Google's decision to remove its invite-only registration process for Google+ turned out to be the right one.
Once Google+ opened its gates to the public last week, the social network exploded to 15 million visits from 1.1 million the week before-a 13-fold spike in traffic. The social site jumped 1269 percent in market share growth, and analyst Paul Allen believes Google+ may have already reached 50 million members, and is acquiring around 2 million new users each day.
Google+ may be hot again, but with Facebook ready to roll out massive changes of its own, how long can Google+ keep users interested?
Released back in July, Google+ initially burst out of the gates, attracting 20 million visitors in its first month. A social network for Google made sense, after all, since it could take advantage of Google's entire family of cloud products and Internet applications like Google Documents, Calendar, and Reader.
At its launch, Google+ had features that Facebook didn't have at the time. For instance, instead of one massive friends list, users could create different Circles to be able to exclusively follow or share information with a specific group of people. This was a sea change from Facebook, where any status update could be seen by any friend.
Google+ also trumped Facebook in one other key area: Video chat. In Facebook, users could only chat with one user at a time; on Google+'s Hangouts, users can start a hangout, and invite several other friends to join. The video switches from person to person based on who's talking, but with the ability for users to mute and unmute one another, Hangouts was definitely one of the best features of Google+.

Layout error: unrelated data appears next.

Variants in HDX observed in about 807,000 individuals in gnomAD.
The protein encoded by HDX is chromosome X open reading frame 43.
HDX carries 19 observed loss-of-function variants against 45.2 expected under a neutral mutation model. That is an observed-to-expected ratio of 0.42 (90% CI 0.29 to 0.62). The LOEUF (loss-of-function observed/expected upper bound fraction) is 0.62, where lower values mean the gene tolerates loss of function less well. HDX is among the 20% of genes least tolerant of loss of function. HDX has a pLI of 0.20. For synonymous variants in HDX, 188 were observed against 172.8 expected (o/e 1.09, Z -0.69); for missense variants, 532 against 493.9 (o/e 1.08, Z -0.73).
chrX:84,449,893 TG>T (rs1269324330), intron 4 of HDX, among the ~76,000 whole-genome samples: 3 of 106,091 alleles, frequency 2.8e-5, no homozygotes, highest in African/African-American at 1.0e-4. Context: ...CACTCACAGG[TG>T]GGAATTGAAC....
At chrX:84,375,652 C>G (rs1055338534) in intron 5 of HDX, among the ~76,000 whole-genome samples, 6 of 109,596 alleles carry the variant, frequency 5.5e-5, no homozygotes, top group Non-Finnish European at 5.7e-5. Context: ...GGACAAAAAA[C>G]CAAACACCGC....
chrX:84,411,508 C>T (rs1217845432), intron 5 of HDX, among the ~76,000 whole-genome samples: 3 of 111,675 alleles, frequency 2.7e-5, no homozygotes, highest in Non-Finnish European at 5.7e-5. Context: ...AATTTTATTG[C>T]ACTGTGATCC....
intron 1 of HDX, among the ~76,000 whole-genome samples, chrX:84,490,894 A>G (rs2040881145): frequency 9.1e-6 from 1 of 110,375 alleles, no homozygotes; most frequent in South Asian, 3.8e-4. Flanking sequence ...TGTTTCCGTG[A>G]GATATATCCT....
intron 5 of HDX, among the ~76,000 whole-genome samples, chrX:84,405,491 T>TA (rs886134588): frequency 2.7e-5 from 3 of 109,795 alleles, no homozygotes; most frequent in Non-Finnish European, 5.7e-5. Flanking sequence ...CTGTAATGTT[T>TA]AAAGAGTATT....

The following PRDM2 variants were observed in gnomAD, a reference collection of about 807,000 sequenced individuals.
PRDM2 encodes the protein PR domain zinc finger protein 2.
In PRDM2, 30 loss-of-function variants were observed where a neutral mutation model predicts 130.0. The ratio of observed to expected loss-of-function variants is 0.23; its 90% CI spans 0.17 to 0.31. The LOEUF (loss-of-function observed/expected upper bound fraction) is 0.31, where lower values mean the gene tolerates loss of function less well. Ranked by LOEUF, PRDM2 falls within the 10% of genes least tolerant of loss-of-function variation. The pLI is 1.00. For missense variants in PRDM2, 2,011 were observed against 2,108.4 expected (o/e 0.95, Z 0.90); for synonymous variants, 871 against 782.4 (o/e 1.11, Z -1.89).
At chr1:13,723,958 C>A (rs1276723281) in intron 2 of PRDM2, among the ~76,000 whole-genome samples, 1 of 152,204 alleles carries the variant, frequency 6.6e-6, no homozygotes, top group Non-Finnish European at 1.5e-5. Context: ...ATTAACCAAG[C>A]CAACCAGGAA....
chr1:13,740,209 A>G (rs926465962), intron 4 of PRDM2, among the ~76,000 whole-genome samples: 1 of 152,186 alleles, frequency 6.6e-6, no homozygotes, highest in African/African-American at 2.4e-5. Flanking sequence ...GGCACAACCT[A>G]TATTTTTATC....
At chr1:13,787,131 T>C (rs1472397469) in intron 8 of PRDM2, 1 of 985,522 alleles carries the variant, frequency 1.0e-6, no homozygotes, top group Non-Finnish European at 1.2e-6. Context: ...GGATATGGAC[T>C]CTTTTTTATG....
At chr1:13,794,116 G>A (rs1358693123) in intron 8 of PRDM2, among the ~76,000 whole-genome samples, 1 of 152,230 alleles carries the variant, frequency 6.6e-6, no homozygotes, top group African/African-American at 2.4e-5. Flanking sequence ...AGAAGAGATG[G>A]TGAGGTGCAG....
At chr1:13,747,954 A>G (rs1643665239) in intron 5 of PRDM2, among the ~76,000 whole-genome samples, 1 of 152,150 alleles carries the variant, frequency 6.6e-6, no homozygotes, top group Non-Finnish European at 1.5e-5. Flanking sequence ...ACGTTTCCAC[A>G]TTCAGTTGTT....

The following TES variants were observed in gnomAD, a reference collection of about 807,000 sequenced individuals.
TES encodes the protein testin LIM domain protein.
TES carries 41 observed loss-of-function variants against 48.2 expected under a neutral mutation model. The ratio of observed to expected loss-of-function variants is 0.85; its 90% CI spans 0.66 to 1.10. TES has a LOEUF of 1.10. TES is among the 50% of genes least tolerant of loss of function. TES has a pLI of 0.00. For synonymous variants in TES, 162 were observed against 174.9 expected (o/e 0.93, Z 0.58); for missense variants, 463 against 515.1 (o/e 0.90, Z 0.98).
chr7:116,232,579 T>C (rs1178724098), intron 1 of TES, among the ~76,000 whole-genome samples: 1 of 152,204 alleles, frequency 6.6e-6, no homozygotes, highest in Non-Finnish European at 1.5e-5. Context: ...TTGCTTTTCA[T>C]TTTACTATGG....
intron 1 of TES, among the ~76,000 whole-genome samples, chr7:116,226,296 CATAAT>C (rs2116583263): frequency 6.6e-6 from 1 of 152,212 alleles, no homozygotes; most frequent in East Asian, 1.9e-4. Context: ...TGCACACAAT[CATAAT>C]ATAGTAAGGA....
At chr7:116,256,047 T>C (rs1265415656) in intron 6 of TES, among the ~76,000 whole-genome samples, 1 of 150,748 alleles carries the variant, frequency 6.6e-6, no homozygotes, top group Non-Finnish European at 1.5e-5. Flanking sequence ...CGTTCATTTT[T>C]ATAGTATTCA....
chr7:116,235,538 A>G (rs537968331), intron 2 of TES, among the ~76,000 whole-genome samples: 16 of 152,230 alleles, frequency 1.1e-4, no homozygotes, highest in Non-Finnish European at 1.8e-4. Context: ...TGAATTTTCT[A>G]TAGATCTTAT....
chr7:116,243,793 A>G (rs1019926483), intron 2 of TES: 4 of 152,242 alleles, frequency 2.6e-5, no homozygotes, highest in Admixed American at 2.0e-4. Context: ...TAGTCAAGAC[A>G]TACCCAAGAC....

Among its other features, Google+ also came with a completely different photo album platform where users could easily see recent photos uploaded by friends, and Sparks, Google+'s recommendation engine for finding interesting articles, videos, and photos.
The goal for Sparks, Hangouts, Circles, and everything in Google+ was to instantly connect people everywhere to what's most important to them, according to Google's VP of social business Vic Gundotra.
After a few months, however, interest in Google+ began to wane. By the end of August, traffic had slipped to 1.1 million visits per week, and people were spending less time on the site, too.
Once Google+ effectively ditched its invite process and added its slew of updates, including screen sharing collaboration for Hangouts, the floodgates to Google+ reopened. But now that the 90 day field trial is over and the real Google+ is here, can it possibly sustain its massive amount of traffic?
Originally, Google+ was going to be the Facebook killer, but based on the changes announced at Facebook's f8 event, it doesn't look like Facebook will die out anytime soon. Last week, Facebook unveiled its new Timeline profile pages, which essentially turn profiles into automated scrapbooks of one's life, and application support for dozens of new companies and services. Since Google+ launched, it has also cleaned up its News Feed, added a way to share updates with specific people (a la Circles), and has added video chat capabilities (though not group video chat).
Facebook is also expected to announce its long-awaited iPad application at Apple's media event on Oct. 4, where many believe the world will get its first glimpse at the iPhone 5.
Unfortunately for Google+, Facebook isn't going anywhere. If anything, these recent changes to Facebook's interface may even solidify its standing as the world's most dominant social network. Google+ will need to develop more integration with the other Google platforms in order to really be a powerhouse. Adding a search bar last week was a good start, but they'll need more to compare with the likes of Facebook.
Even with Google+'s traffic spike on Tuesday, Facebook still had 72 times more visits in the U.S. on the same day.